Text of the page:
For those nervous of venturing much beyond first position, you’ll be pleased to hear that this book is geared more towards the latter than the former end of the spectrum. With a modesty rare among tune book writers, Pete admits at the outset to not being an expert in any of the styles covered; nevertheless he is able, in his words, to ably ‘navigate the cultural geography”, leading us gradually south along the Carpathians from Poland down to Macedonia. We are introduced briefly to some of the scales and modes which make much of this music so exotic to western ears, to the concept of rhythmic chording (quite unfamiliar to those brought up on the Anglo-Celtic tradition), and to the initially baffling asymmetric rhythms which become increasingly common as you approach the sunny south eastern corner of Europe. The tune section starts with Polish mazurkas, obereks, krakoviaks, polonaises and polkas from Poland, and from Ukraine are Brigands dances, waltzes and kolomykas, and some well known Russian songs. Klezmer tunes are represented by a series of freylechs and solo horas, some of which have become some standards either from their inclusion in Harry Sapoznik’s The Compleat Klezmer, or from famous recordings (Muszicas’s Lost Jewish Music of Transylvania ) From Hungary are Verbunks (recruiting dances), czardas dance tunes, and legenyes (lads’ dances) and, in case you were enjoying yourselves too much, a funeral dance. The rhythms begin to get more challenging as we enter Romania, with invirtitas (7/8) and horas (5/8), while Bulgarian tunes include ruchenitsas (7/16), kopanitsas (11/16) and Oros (13/8).

Many of the tunes are arranged for two fiddles and all are given chord symbols, making these a useful starting point for band performances. It would be possible to plaster these tunes with annotation on ornaments, drones, fingering and bow marks; fortunately, Pete has left the music relatively uncluttered, pointing out that for stylistic authenticity there is no substitute for listening to the original source recordings. Pete’s own accompanying cd of solo fiddle is characteristically clear and robust, with the music an exact transcription of his own arrangements and playing of the tunes. The Schott formula of including textual translations in German and French limits the space available for notes on the individual tunes but, aware that every tune has its own, often fascinating story, Pete has provided extensive notes on his own website. This is the most enjoyable and comprehensive survey of east European fiddle tunes I have come across. Buy it!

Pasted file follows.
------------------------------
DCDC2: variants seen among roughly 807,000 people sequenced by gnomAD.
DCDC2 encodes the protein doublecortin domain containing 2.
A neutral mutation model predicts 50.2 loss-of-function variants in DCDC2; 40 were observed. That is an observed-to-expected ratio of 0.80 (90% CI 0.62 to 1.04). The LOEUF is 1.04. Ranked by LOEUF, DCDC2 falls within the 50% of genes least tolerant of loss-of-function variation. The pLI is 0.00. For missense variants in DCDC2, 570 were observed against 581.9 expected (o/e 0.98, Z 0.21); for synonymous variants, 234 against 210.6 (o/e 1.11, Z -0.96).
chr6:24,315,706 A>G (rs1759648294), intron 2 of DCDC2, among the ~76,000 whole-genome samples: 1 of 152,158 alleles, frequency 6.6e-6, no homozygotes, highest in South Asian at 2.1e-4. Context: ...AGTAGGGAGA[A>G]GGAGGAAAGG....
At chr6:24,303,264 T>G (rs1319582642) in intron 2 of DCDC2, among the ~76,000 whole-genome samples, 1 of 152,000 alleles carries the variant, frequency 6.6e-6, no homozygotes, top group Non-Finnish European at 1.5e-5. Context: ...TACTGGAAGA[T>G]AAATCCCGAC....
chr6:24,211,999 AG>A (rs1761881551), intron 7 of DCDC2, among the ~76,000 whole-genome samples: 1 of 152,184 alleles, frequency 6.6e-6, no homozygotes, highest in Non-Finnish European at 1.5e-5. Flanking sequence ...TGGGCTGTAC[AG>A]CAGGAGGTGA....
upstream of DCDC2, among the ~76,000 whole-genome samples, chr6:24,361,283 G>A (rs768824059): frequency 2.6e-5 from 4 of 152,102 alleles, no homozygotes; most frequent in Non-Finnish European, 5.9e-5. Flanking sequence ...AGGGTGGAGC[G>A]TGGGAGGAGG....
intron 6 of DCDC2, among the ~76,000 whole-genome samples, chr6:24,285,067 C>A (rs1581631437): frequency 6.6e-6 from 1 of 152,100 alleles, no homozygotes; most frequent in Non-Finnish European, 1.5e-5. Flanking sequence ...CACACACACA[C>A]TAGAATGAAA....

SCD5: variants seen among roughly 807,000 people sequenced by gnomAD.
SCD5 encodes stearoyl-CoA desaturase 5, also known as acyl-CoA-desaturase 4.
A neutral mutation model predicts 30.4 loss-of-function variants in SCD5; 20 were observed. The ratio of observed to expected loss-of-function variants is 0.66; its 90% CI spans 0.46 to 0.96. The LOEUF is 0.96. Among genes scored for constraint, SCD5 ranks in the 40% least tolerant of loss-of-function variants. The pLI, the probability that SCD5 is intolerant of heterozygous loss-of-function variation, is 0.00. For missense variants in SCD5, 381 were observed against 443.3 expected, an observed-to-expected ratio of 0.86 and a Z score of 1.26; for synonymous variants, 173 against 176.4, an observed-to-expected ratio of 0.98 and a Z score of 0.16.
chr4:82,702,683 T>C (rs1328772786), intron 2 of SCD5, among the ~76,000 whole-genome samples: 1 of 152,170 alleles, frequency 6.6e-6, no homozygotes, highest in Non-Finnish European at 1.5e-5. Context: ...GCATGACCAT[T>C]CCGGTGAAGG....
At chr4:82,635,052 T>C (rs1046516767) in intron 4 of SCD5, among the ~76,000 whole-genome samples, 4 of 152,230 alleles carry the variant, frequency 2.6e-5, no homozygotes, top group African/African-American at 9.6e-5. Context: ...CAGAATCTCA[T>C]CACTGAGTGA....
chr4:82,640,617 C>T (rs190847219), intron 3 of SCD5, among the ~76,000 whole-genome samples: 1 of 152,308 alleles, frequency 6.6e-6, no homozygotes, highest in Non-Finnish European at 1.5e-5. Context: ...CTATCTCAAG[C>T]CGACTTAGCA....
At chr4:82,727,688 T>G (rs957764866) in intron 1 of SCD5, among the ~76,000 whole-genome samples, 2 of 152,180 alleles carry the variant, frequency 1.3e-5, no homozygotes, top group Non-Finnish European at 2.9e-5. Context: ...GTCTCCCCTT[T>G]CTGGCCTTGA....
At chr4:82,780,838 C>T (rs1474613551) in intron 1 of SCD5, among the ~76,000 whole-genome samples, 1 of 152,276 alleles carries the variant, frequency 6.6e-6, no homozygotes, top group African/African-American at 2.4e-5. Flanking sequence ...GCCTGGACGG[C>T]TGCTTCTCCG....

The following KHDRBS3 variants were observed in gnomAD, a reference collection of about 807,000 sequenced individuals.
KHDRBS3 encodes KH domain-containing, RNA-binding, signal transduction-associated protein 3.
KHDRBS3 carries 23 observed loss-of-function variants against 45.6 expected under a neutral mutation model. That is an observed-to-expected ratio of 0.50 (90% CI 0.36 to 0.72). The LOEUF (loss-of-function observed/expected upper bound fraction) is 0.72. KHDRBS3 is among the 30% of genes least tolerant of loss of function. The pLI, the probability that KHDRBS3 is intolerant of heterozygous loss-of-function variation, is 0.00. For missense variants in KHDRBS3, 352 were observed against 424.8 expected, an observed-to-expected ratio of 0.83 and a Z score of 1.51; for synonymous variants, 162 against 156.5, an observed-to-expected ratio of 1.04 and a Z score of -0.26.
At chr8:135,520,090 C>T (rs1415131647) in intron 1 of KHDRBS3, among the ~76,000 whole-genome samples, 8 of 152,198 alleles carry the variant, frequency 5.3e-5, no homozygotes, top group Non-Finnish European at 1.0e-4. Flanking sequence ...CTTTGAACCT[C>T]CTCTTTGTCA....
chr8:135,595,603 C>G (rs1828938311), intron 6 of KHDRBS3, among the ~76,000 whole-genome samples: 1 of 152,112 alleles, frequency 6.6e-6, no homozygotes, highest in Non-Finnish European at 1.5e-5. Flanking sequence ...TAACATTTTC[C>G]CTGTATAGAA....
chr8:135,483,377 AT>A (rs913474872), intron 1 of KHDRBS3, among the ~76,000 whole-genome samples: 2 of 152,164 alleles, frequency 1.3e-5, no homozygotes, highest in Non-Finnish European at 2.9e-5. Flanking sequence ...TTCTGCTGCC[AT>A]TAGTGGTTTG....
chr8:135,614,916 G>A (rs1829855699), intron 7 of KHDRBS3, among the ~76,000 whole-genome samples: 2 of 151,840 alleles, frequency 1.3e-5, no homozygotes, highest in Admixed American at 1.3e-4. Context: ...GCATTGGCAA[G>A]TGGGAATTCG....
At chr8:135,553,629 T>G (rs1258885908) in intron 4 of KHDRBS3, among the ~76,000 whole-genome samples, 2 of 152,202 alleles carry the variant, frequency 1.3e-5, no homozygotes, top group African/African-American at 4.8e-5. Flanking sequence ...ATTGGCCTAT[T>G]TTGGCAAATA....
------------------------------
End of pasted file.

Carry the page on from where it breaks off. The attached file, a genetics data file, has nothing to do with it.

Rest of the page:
chris haigh klezmer fiddle  

Chris Haigh is a London-based fiddle player who specialises in Klezmer, gypsy and East European styles. He plays with a trio, Klezmania, doing lots of Jewish weddings and Bar Mitzvahs; this band does a mixture of traditional Klezmer and Israeli tunes along with some jazz improvisation. Tziganarama is Chris's own trio, playing a wide range of Jewish, Russian, Balkan and gypsy music, whilst The Kremlinaires is Chris's wacky 7-piece Soviet Swing band.

Chris sometimes plays solo or as a duo with accordion, going "around the tables" at a dinner.

He gives workshops on klezmer fiddle style, demonstrating techniques and ornamentation, describing the different tunes types and scales used in klezmer.

He writes original klezmer melodies; his tune "Klezmania" was used on a worldwide TV ad for Nike!